And so, in the never-ending roller coaster that is my professional life, last week I had 2 patients and this week I have 5. I would have had 6 but…

She was a nice enough lady to begin with…her recent medical history didn’t have much to do with Occupational Therapy but who am I to question a hospital doctor’s bad judgment? Besides, an Initial Evaluation is an Initial Evaluation – I get paid to do it and there’s always a chance I may find *something* to work on.

Anyway, the house was filthy and the son was…weird. He stayed in the room with us and talked on the phone most of the time, loudly accusing family members of not doing things for him, asking why he wasn’t informed of such and such. Since my back was turned, half the time I couldn’t tell if he was asking something of the person on the phone or of me – he used the same fishmonger-esque white trash tone of voice for both of us.

She had history of Alzheimer’s but still talked a good game – well enough where most laymen or untrained people wouldn’t even be able to figure out she had Dementia. Hell, she was good enough where even I was convinced she was in the very early stages of the disease (and I worked on a Dementia unit for 11 years; I’m GOOD at figuring out their level of confusion). I mean, she even knew how old she was (95). But her son described a different lady…one who thought her husband was still alive but referred to him as her father and who sometimes thought her son was her husband, one who would eat breakfast and then demand dinner two hours later. There was other stuff too, mainly behavioral, but it didn’t really matter…she was still good enough to get dressed by herself (granted, every drawer was labeled: “shirts”, “bras/panties”, etc., but with that little bit of a crutch she could DO IT.), feed herself, comb her hair, brush her teeth, etc. And her arm strength and ROM (Range of Motion – all the different directions her arms could go) were really awesome for a 95-year-old lady. But when she went to the bathroom, she left her walker outside the room (it wouldn’t fit – the doorway was too narrow) and held onto the door knob, towel bar and sliding glass shower door for support – definitely not safe. She held onto the glass door to help her get in and out of the shower too – equally putting herself at risk of falling. I recommended a commode to put over the toilet, and grab bars for the shower and maybe even the walkway from the entry to the toilet/shower area but the son, who had Power of Attorney, was completely against it – even if Medicare paid for the commode, it would be too inconvenient when anyone else had to pee and how DO they find studs in the walls to install grab bars? I told him that a professional would have to install it and they know how to do those things. He said he didn’t think those stud finders were all they were cracked up to be…he’d used one and couldn’t find a beam so he didn’t want someone coming in and smashing all of their bathroom tiles in order to find a stud. I tried to make him understand why his mother was at risk for falling without this equipment, but he kept insisting she was fine. “And those shower doors are fine to hold onto – they don’t move much at all.” Um…yes they do. As sometimes happens, you can lead a horse to water but you can’t make him drink. Usually the horse is a little more quiet about not following through, though – they’ll yes me to death and then just never do it.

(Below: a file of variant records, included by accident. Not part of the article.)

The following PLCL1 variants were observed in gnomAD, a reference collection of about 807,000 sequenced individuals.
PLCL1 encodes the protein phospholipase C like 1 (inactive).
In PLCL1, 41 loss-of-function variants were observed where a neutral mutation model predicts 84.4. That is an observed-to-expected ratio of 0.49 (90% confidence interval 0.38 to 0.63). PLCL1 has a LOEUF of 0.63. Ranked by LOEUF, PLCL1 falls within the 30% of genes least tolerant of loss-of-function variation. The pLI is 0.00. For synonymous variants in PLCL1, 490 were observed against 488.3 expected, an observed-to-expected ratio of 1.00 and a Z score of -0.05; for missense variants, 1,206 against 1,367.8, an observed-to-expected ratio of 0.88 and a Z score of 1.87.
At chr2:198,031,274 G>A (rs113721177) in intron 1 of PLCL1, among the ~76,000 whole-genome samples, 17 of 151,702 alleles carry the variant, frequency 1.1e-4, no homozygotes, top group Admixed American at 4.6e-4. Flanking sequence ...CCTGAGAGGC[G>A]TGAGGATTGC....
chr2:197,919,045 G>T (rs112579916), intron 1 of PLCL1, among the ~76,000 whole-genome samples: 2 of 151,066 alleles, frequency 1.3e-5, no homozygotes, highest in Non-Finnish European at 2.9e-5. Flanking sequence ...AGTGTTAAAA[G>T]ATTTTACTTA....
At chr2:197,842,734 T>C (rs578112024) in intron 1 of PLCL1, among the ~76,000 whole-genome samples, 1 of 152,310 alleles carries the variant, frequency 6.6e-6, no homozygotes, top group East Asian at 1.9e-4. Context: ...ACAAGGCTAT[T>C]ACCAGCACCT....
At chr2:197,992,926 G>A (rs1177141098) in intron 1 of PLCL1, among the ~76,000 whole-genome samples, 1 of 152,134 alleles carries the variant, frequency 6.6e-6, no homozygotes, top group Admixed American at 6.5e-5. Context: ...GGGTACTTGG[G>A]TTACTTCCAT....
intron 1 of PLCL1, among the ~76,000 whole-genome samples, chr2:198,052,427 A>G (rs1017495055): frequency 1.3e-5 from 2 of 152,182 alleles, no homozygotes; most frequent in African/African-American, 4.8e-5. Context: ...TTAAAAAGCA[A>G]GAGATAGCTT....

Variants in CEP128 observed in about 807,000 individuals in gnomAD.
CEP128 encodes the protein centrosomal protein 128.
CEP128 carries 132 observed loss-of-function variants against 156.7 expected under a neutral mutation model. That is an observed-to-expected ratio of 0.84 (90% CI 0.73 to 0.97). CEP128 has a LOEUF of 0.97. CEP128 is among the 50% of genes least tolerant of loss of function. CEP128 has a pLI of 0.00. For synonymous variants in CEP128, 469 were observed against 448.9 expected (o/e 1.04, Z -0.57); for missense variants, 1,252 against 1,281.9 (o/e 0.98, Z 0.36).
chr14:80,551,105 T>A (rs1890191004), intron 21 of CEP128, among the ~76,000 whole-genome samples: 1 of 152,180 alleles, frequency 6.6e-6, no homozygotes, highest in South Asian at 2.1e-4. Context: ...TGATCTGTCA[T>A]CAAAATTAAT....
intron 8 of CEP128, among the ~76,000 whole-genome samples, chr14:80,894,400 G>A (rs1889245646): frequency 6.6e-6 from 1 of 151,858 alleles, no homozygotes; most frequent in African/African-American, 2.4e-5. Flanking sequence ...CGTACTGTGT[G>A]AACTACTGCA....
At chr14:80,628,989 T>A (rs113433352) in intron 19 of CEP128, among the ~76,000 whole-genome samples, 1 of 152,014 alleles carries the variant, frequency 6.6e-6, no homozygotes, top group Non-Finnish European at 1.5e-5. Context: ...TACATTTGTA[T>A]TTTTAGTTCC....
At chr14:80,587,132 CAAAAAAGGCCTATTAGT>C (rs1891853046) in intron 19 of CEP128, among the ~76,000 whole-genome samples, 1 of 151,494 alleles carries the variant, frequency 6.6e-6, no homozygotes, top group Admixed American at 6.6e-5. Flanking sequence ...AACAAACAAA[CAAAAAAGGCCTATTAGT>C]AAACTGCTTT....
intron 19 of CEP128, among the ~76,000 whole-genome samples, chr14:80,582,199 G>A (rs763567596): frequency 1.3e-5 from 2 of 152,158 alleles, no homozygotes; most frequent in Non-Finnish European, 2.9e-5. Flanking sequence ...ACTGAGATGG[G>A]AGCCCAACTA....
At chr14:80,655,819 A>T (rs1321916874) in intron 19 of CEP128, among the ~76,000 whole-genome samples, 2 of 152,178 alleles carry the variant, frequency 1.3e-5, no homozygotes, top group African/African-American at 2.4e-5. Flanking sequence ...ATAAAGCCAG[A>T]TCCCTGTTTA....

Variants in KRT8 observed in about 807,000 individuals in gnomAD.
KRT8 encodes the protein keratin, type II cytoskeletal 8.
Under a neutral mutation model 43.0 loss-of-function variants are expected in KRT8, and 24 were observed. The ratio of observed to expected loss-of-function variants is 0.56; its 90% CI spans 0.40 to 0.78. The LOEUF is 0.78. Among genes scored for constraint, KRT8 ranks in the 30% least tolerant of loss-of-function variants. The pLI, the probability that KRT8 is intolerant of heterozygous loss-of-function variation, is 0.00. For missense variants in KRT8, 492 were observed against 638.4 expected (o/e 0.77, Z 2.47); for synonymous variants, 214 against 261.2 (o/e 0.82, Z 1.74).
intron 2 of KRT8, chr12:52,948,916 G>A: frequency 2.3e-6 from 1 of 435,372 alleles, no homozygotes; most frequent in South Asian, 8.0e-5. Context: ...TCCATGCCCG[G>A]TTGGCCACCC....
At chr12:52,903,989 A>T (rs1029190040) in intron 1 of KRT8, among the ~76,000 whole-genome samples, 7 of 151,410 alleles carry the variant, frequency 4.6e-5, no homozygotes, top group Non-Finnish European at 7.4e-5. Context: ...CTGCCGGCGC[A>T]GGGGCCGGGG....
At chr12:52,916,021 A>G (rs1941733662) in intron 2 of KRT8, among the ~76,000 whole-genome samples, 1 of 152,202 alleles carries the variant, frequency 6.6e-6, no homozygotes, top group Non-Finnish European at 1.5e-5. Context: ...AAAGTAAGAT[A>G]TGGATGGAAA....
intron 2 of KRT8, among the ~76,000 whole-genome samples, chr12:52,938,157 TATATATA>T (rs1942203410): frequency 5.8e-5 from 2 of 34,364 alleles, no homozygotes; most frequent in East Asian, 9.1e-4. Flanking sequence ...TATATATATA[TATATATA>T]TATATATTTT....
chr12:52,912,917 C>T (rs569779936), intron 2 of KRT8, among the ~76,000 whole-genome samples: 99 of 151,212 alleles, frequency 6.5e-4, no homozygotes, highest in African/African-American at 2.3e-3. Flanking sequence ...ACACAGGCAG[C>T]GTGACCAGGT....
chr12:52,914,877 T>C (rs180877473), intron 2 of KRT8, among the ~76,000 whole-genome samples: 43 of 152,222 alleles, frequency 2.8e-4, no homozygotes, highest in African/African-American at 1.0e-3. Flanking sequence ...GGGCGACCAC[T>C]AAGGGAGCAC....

With nothing else that would warrant my services, I prepared to discharge her, with recommendations to the son to contact the Alzheimer’s Association for support and education (“I don’t need that. we’re doing fine. I’m here with her all the time. 24/7. I live next door but I never go into my own house because I’m always stuck here with her.” Yeah, no support systems needed there…sigh) and a reminder than he can ask the nurse or the physical therapist with assistance in getting the commode, should he change his mind. And that was the end of Patient #6 for me.

The other 5 patients are fine – Bidet Lady is still on my roster for one more week – she’s a crabby lady and her whole family is afraid of her but, despite herself, she’s improving. I have a lady with a spinal cord injury who I had last year – she’s a nurse by profession and keeps me on my toes, LOL! I just got a lovely lady in her 70’s who has Degenerative Joint Disease – her shoulders are shot and she gets tired quickly so we’re going to work on bunches of adaptations to  make things easier for her. Another 70-something-year-old lady has Multiple Myeloma (a type of cancer) and muscle weakness from several hospitalizations. And I have another lady who I should see after her doctor’s appointment today – she has a badly broken arm from a relatively recent car accident and if the doctor decides that now is a good time to start moving her wrist, she will be mine as well. Never a dull moment, huh? Watch…next week I’ll be down to 1 patient, hahahaha!